The “something” we seek may be an enhanced human being, an artificial intelligence, a hybrid, a chimaera, or some kind of entity currently unimaginable to us. For all practical purposes, we are indifferent. The axiom that drives us is that if we can, we will. Many things can happen in the meantime, from enormous benefits for all humanity (the AI unravels all possible combinations of proteins) to dystopias (we achieve, in effect, the first goal but not the second). The only thing that can prevent it is the laws of nature, i.e., insurmountable limits (e.g., the speed of light; Pauli’s exclusion principle, etc.), but everything that is technologically feasible but not morally possible will become a reality when we have made sufficient progress. The weakness of the law that we have examined, a reformulation of the classic laisser faire, laisser passer, is the legal response to this lack of reflection on where we are going.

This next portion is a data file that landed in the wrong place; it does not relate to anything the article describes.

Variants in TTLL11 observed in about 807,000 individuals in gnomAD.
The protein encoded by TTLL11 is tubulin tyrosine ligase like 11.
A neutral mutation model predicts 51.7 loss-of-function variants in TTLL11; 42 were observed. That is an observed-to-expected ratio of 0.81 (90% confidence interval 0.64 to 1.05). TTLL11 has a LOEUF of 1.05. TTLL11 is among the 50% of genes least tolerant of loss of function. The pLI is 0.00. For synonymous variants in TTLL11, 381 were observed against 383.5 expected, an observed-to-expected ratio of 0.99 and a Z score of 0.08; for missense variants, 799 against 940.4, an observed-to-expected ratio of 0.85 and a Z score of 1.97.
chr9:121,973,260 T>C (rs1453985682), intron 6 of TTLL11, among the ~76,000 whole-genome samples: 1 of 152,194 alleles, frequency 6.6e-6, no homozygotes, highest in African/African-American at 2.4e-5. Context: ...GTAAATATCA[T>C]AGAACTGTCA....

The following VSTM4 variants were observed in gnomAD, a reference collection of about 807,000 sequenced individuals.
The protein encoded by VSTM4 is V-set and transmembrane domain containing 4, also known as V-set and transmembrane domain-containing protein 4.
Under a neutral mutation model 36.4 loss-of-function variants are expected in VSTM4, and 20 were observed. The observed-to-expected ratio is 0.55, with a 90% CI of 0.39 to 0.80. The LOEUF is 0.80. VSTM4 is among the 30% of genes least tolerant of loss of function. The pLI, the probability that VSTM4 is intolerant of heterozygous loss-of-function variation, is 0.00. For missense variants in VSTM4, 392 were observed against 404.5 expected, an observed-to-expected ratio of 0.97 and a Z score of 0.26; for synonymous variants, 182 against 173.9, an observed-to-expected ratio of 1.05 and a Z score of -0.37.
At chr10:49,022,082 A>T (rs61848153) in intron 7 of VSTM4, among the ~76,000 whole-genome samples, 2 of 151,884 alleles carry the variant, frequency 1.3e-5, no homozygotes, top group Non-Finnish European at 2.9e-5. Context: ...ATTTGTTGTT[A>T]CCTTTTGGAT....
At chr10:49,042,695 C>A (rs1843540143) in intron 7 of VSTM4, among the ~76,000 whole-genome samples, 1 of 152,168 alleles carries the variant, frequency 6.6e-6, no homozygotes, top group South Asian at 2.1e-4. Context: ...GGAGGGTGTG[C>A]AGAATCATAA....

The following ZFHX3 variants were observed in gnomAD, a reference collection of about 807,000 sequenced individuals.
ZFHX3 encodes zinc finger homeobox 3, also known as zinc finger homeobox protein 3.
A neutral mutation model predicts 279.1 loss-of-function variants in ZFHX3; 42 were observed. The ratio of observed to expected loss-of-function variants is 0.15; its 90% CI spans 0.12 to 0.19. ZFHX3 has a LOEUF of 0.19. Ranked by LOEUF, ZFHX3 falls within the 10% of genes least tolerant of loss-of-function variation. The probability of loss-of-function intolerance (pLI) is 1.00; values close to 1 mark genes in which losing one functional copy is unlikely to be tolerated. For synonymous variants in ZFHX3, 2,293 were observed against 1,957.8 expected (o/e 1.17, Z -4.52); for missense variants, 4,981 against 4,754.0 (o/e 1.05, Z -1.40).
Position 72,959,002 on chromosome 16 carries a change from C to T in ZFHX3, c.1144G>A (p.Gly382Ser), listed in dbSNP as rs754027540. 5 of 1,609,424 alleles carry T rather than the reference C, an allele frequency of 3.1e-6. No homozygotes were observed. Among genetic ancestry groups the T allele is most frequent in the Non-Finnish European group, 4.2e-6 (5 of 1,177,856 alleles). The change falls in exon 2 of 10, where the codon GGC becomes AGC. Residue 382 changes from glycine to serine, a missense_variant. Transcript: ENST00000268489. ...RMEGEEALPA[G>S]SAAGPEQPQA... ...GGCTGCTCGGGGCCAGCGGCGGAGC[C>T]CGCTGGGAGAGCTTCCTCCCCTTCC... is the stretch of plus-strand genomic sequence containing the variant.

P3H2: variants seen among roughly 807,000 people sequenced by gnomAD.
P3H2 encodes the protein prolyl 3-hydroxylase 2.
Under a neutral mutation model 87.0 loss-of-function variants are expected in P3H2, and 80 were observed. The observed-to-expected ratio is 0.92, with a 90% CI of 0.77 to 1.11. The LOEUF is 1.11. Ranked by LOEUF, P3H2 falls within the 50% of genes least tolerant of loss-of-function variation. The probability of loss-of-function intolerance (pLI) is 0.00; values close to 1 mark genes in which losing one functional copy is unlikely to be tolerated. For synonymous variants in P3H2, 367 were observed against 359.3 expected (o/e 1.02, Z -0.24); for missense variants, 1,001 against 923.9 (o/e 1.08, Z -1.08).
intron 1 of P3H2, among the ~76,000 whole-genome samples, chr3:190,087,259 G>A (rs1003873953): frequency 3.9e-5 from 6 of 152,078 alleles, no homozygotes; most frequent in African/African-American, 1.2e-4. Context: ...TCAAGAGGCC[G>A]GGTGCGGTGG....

Our connection with future generations is, therefore, different from the one our ancestors had with us. We can shape their world in structural and irreversible ways. And that is at best, since there is room for others, unlikely but no longer a merely imaginary scenario in which a collective hecatomb (Bostrom’s “hiatus”) occurs. For these reasons, the fourth generation of human rights must address the question of how to give legal value to scientific moratoria, so that they are not merely well-intentioned declarations; how to restrict or ban research (e.g., gain of function in viruses, gene drives, synthetic biology, artificial intelligence); how to regulate the democratisation of technology (e.g., biohackers experimenting with CRISPR); and a long etcetera that could endanger everything we know. Treaties on the non-proliferation of nuclear weapons, the banning of biological weapons, etc. are inadequate because of the scale and unpredictability of the scenarios that can arise. In short, we need to give legal status to Cecchetto’s “ethics for the absent” [88].